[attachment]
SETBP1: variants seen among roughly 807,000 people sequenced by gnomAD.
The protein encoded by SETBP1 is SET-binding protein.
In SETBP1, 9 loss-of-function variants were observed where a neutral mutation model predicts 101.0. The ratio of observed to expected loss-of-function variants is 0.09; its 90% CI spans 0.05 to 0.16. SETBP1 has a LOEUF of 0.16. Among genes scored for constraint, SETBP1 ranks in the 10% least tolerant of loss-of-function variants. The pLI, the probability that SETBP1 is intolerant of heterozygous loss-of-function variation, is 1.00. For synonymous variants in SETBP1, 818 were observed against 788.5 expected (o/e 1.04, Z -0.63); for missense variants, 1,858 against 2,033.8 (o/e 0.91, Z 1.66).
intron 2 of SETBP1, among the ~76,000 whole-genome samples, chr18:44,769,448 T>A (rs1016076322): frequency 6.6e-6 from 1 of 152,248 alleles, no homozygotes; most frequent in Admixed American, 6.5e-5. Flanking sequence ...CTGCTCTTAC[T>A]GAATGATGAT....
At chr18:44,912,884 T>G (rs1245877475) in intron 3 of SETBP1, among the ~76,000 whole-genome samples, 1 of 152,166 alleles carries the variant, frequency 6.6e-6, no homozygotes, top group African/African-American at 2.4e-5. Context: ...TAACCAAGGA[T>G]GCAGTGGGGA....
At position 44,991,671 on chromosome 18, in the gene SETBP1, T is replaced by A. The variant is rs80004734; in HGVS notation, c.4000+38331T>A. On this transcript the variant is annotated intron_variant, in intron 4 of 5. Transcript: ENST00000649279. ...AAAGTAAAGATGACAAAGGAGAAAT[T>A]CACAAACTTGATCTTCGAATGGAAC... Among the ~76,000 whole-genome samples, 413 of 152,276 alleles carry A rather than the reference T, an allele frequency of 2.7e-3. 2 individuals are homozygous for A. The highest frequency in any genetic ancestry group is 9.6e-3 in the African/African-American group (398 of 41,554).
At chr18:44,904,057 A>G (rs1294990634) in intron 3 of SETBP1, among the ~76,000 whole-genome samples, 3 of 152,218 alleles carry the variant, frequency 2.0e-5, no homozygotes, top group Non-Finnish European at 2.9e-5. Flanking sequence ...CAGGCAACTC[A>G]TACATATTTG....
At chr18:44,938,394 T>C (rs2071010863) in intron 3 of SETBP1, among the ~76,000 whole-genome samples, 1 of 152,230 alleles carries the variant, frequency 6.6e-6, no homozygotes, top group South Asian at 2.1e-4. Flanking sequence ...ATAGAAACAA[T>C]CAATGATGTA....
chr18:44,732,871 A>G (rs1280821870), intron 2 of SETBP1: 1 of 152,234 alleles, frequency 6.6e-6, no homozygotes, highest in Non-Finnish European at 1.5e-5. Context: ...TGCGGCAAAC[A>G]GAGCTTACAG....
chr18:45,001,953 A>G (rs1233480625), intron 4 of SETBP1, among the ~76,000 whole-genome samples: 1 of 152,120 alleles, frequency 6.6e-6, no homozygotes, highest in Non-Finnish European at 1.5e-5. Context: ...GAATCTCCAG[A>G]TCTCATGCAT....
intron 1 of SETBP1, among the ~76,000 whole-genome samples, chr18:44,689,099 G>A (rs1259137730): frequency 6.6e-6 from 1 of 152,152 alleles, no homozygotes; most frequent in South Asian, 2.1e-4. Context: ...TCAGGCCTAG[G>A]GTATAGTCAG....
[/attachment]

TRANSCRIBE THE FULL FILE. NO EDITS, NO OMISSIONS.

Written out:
SETBP1: variants seen among roughly 807,000 people sequenced by gnomAD.
The protein encoded by SETBP1 is SET-binding protein.
In SETBP1, 9 loss-of-function variants were observed where a neutral mutation model predicts 101.0. The ratio of observed to expected loss-of-function variants is 0.09; its 90% CI spans 0.05 to 0.16. SETBP1 has a LOEUF of 0.16. Among genes scored for constraint, SETBP1 ranks in the 10% least tolerant of loss-of-function variants. The pLI, the probability that SETBP1 is intolerant of heterozygous loss-of-function variation, is 1.00. For synonymous variants in SETBP1, 818 were observed against 788.5 expected (o/e 1.04, Z -0.63); for missense variants, 1,858 against 2,033.8 (o/e 0.91, Z 1.66).
intron 2 of SETBP1, among the ~76,000 whole-genome samples, chr18:44,769,448 T>A (rs1016076322): frequency 6.6e-6 from 1 of 152,248 alleles, no homozygotes; most frequent in Admixed American, 6.5e-5. Flanking sequence ...CTGCTCTTAC[T>A]GAATGATGAT....
At chr18:44,912,884 T>G (rs1245877475) in intron 3 of SETBP1, among the ~76,000 whole-genome samples, 1 of 152,166 alleles carries the variant, frequency 6.6e-6, no homozygotes, top group African/African-American at 2.4e-5. Context: ...TAACCAAGGA[T>G]GCAGTGGGGA....
At position 44,991,671 on chromosome 18, in the gene SETBP1, T is replaced by A. The variant is rs80004734; in HGVS notation, c.4000+38331T>A. On this transcript the variant is annotated intron_variant, in intron 4 of 5. Transcript: ENST00000649279. ...AAAGTAAAGATGACAAAGGAGAAAT[T>A]CACAAACTTGATCTTCGAATGGAAC... Among the ~76,000 whole-genome samples, 413 of 152,276 alleles carry A rather than the reference T, an allele frequency of 2.7e-3. 2 individuals are homozygous for A. The highest frequency in any genetic ancestry group is 9.6e-3 in the African/African-American group (398 of 41,554).
At chr18:44,904,057 A>G (rs1294990634) in intron 3 of SETBP1, among the ~76,000 whole-genome samples, 3 of 152,218 alleles carry the variant, frequency 2.0e-5, no homozygotes, top group Non-Finnish European at 2.9e-5. Flanking sequence ...CAGGCAACTC[A>G]TACATATTTG....
At chr18:44,938,394 T>C (rs2071010863) in intron 3 of SETBP1, among the ~76,000 whole-genome samples, 1 of 152,230 alleles carries the variant, frequency 6.6e-6, no homozygotes, top group South Asian at 2.1e-4. Flanking sequence ...ATAGAAACAA[T>C]CAATGATGTA....
chr18:44,732,871 A>G (rs1280821870), intron 2 of SETBP1: 1 of 152,234 alleles, frequency 6.6e-6, no homozygotes, highest in Non-Finnish European at 1.5e-5. Context: ...TGCGGCAAAC[A>G]GAGCTTACAG....
chr18:45,001,953 A>G (rs1233480625), intron 4 of SETBP1, among the ~76,000 whole-genome samples: 1 of 152,120 alleles, frequency 6.6e-6, no homozygotes, highest in Non-Finnish European at 1.5e-5. Context: ...GAATCTCCAG[A>G]TCTCATGCAT....
intron 1 of SETBP1, among the ~76,000 whole-genome samples, chr18:44,689,099 G>A (rs1259137730): frequency 6.6e-6 from 1 of 152,152 alleles, no homozygotes; most frequent in South Asian, 2.1e-4. Context: ...TCAGGCCTAG[G>A]GTATAGTCAG....